Call of Duty: Ghosts Xbox 360 Review
Publisher: Activision Developer: Infinity Ward Genre: FPS Players: 1-18 Age Rating: 16+
Other console/handheld formats: PS3, Wii U, PS4, Xbox One
The box calls it the best-selling first-person action franchise, but this is an important new entry for the series as the next generation arrives. Does it make good use of current hardware, and how does it compare to the previous best sellers?
The first thing to note is that there are two disks in the box, requiring the player to install disk 2 (taking up 3GB of hard drive space) before the campaign can be started. Multiplayer does not require this install process. Adjusting the brightness and controls before starting is also recommended.
The prologue begins with the story of the Ghosts, before something shocking happens. We are taken back in time 15 minutes to Earth orbit to see what is going on, before time jumps forward ten years. Here Hesh and the player’s character (his brother Logan) are joined by a new ally – Riley, the trained dog who was the centre of much hype in the build-up to release. Abilities and controls are introduced as the battle progresses, with cutscenes and flashbacks advancing the story.
As in previous instalments, the action moves between countries and protagonists to give more variety. The action takes place on and below the water, in mountains and jungle and back into space. When the final twist has happened and the credits roll – accompanied by music from Eminem – there is the additional Extinction mode to play, bringing a different kind of threat and the option to play co-operatively online.
Of course as much of the attention is on the multiplayer modes as the campaign, and here there are several important changes and new ideas. Twelve maps for up to twelve players are complemented by some new modes. Safeguard is the wave-based option, pitting the players against huge odds and giving a brief respite between each wave of the onslaught. Infected returns from Modern Warfare 3 and sees one player become infected, turned into a fast-moving killer out to infect the others. Players must survive as long as possible before being infected for points, or infect the survivors for more points. Hunted adds a new twist to the team deathmatch, giving a limited set of weapons to start with and forcing players to find better guns from the supply crates as they drop. Blitz is most like a sport, with points scored by reaching the opponent’s goal. For a more interesting take, Domination has three zones to capture and defend that creates a nice ebb & flow to the action. A personal favourite is Kill Confirmed, with players picking up dog tags to score points (or deny the opponent). Clan matches offer 4-on-4 combat. The Squads option allows offline play (with and against bots) to help acclimatise new players or hone skills.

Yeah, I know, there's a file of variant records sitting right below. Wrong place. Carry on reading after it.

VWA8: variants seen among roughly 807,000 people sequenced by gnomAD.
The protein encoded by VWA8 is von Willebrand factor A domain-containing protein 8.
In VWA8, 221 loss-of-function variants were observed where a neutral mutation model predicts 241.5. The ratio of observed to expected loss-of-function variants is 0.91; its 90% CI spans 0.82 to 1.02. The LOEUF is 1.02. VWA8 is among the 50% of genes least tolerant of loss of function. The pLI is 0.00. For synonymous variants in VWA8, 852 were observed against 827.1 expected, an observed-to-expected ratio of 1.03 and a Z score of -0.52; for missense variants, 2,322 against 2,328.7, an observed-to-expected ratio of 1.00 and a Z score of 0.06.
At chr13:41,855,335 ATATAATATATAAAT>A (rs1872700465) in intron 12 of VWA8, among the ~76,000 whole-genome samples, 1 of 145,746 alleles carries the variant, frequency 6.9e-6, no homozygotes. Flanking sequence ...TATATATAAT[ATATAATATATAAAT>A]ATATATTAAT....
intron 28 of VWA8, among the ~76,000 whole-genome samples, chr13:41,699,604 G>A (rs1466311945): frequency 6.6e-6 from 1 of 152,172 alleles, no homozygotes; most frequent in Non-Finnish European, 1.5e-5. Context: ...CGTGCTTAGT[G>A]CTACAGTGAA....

For fans of previous games, there is a noticeable change to the way kill streaks are earned. Multiple kills earn basic perks based on the loadout. Field orders (which appear as a blue briefcase dropped by a dead soldier) must be followed to earn a care package, which is deployed by throwing a smoke canister to mark the landing spot. Picking up items from the dropped crate gives extra items – the attack dog, Vulture drones and others, chosen and activated with the D-pad. As the games and the body count rack up, so too do the squad points. These are used to unlock more characters, weapons and perks. The flexibility of the system is in allowing players to customise their loadout to suit how they play or the mode. More points can be earned by completing operations. These are challenges ranging from sprinting a set distance to collecting kills with a certain weapon.
For a game late in this console generation, Ghosts is polished and well put together. Environments are detailed and there are very few glitches. Sound design works well as it adds dynamic music to well-tuned effects. The campaign is bombastic and filled with explosive set-pieces, as well as the cliché and gung-ho attitude that is a staple of the series. The sporadic Quick Time Events feel stilted, even when they lead to a life or death moment. Vehicle sections can feel difficult to control at pace but do add some much-needed variety.
If the campaign could be better handled, there is no doubt that multiplayer is a robust and deep experience. The lobby system is well designed and easy to jump into a match, with joining friends just a button press away. It can be overwhelming for a newcomer, but practice does improve performance. A good crop of Achievements is awarded for playing through the campaign. The rest, including several secret tasks, reward skilful play in the multiplayer games, with the promise of more DLC content made cheaper with the purchase of the Season Pass.
It would be too easy to end the review by saying that if you liked previous games in the series, you will like this one too. The truth is, while there may not be much in the way of innovation Ghosts does present a good overall package of single player campaign and multiplayer experiences. By the autumn of 2014, the next generation of Call of Duty will have to do more to impress.